Tests of bird flu vaccine begin at Stony Brook

02-Nov-2007 Intellasia | Newsday | 5:59 AM Print This Post

Stressing the need to prevent the spread of a highly pathogenic influenza virus -such as the bird flu strain circulating in Southeast Asia and elsewhere -researchers at Stony Brook University Medical Centre have begun a clinical study of an experimental vaccine.

The study marks the first avian flu vaccine to be tested on Long Island. Volunteers are being recruited for experimental doses, which are administered in two shots several weeks apart.

“This is a Phase 1 vaccine,” said lead investigator Dr Roy Steigbigel, referring to the safety and efficacy clinical trial. “It’s a graded-dose vaccine, meaning that people are started off with a lower dose. At each point there is a safety analysis.”

Steigbigel and colleagues are studying the vaccine, made by Vical Inc. of San Diego, in volunteers ages 18 to 45. Another arm of the study is being conducted at the University of Maryland in Baltimore. The vaccine targets H5N1, the avian flu virus that has been infecting people worldwide. The World Health Organisation estimates the virus has been fatal in 204 of 332 cases in the past four-years. Most people have caught it from direct contact with sick birds.

Dr David Graham, chief deputy commissioner of the Suffolk County Department of Health, said he is pleased that bird flu vaccine research is being conducted locally. “In the event we have any further transmission or sustained transmission of H5N1 the proper response would be to mobilise our scientific community and pharmaceutical industry to manufacture a safe vaccine in a short period of time.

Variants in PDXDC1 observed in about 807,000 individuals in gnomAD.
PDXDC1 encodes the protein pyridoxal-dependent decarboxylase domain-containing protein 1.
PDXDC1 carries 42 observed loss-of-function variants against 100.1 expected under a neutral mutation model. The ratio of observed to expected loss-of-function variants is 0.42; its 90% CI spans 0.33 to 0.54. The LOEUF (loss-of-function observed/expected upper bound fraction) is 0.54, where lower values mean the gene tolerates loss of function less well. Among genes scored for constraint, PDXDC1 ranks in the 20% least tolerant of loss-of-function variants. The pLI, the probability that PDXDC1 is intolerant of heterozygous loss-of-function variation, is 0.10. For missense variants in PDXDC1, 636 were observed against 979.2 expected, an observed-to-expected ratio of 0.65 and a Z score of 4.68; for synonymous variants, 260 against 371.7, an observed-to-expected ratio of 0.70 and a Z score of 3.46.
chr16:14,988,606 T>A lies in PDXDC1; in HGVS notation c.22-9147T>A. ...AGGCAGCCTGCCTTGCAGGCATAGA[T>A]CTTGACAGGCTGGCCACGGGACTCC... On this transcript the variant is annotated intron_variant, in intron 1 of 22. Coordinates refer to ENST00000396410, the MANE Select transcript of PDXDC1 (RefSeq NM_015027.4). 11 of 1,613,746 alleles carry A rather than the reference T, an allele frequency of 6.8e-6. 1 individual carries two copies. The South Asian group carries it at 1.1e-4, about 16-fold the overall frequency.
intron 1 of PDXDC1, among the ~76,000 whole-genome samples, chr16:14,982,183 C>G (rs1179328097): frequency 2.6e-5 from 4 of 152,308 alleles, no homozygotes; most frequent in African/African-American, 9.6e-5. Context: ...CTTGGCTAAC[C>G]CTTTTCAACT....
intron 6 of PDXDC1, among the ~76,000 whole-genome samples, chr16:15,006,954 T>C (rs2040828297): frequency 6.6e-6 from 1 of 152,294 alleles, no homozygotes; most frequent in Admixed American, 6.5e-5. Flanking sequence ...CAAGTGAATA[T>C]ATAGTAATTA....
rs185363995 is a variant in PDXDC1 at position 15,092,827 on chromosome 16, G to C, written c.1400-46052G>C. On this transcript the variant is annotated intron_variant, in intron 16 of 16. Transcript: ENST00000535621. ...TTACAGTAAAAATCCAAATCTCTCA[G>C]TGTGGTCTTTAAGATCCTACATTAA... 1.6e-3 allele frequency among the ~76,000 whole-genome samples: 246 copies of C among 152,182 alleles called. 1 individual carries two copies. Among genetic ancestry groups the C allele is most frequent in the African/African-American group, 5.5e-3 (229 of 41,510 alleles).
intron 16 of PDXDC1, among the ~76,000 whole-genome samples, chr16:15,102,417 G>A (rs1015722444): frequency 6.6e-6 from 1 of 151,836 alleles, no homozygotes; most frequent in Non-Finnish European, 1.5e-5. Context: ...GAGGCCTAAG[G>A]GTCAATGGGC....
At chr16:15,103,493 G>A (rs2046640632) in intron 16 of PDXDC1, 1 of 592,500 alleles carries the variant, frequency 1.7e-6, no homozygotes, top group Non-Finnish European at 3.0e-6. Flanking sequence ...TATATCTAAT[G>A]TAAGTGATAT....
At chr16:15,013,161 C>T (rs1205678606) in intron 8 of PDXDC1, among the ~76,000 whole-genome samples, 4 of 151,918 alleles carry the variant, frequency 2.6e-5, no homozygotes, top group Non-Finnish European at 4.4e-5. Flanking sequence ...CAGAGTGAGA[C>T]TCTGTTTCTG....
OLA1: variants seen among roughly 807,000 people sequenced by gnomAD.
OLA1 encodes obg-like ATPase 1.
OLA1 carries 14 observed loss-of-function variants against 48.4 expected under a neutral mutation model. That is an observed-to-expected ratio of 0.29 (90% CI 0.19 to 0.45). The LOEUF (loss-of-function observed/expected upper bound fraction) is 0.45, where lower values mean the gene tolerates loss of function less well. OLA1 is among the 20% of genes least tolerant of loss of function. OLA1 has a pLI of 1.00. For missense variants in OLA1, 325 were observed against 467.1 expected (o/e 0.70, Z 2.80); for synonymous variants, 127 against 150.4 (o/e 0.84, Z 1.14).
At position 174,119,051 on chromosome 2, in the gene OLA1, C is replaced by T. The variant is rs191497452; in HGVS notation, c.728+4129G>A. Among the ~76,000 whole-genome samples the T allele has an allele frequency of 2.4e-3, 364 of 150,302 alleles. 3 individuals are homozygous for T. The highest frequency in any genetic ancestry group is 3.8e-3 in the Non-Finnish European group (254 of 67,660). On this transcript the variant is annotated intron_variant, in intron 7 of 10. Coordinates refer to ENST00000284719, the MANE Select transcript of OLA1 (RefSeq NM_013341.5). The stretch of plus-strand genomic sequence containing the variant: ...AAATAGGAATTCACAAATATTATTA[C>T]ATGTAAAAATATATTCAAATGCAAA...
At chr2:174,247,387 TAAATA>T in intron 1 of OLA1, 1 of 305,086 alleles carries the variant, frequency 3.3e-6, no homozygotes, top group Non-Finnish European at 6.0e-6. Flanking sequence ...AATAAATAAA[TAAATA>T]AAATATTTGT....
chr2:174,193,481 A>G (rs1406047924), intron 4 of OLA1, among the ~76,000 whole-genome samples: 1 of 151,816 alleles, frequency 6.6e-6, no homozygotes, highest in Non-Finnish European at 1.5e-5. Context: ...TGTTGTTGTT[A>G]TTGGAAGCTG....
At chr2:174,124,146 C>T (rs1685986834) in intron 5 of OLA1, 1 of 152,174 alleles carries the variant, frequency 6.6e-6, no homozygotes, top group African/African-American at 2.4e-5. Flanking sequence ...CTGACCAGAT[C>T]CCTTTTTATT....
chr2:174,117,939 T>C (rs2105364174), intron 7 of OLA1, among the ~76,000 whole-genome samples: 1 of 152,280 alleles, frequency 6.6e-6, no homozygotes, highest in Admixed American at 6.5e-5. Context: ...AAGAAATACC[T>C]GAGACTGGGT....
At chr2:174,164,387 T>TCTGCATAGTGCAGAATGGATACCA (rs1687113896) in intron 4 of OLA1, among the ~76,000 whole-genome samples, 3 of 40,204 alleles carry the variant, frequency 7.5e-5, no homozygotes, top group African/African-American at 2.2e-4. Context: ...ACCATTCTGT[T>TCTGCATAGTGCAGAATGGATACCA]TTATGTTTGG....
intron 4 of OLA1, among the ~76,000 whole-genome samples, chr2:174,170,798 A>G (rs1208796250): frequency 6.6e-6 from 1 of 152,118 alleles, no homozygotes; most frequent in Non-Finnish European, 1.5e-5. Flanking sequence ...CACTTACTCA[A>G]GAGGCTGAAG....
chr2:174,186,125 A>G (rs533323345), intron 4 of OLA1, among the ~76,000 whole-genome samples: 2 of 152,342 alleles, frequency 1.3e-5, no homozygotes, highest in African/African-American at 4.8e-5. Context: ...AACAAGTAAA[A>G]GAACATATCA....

“That’s the whole idea of having these clinical trials, to investigate the effectiveness and safety of a vaccine,” Graham said.

The vaccine is unlike previous ones because it is composed only of DNA derived from one of the two key surface proteins on H5N1. The DNA cannot cause infection. Steigbigel underscored the vaccine is manufactured via genetic technology, which eliminates the cumbersome and time-consuming use of chicken eggs, millions of which are required to produce the annual seasonal flu vaccine.

Dr John Treanor of the University of Rochester, who is set to speak at Stony Brook today, said genetic technology would allow pharmaceutical companies to ramp up production faster in the event of a flu pandemic. He led the country’s first test of a bird flu vaccine two-years ago.

 


Category: Health

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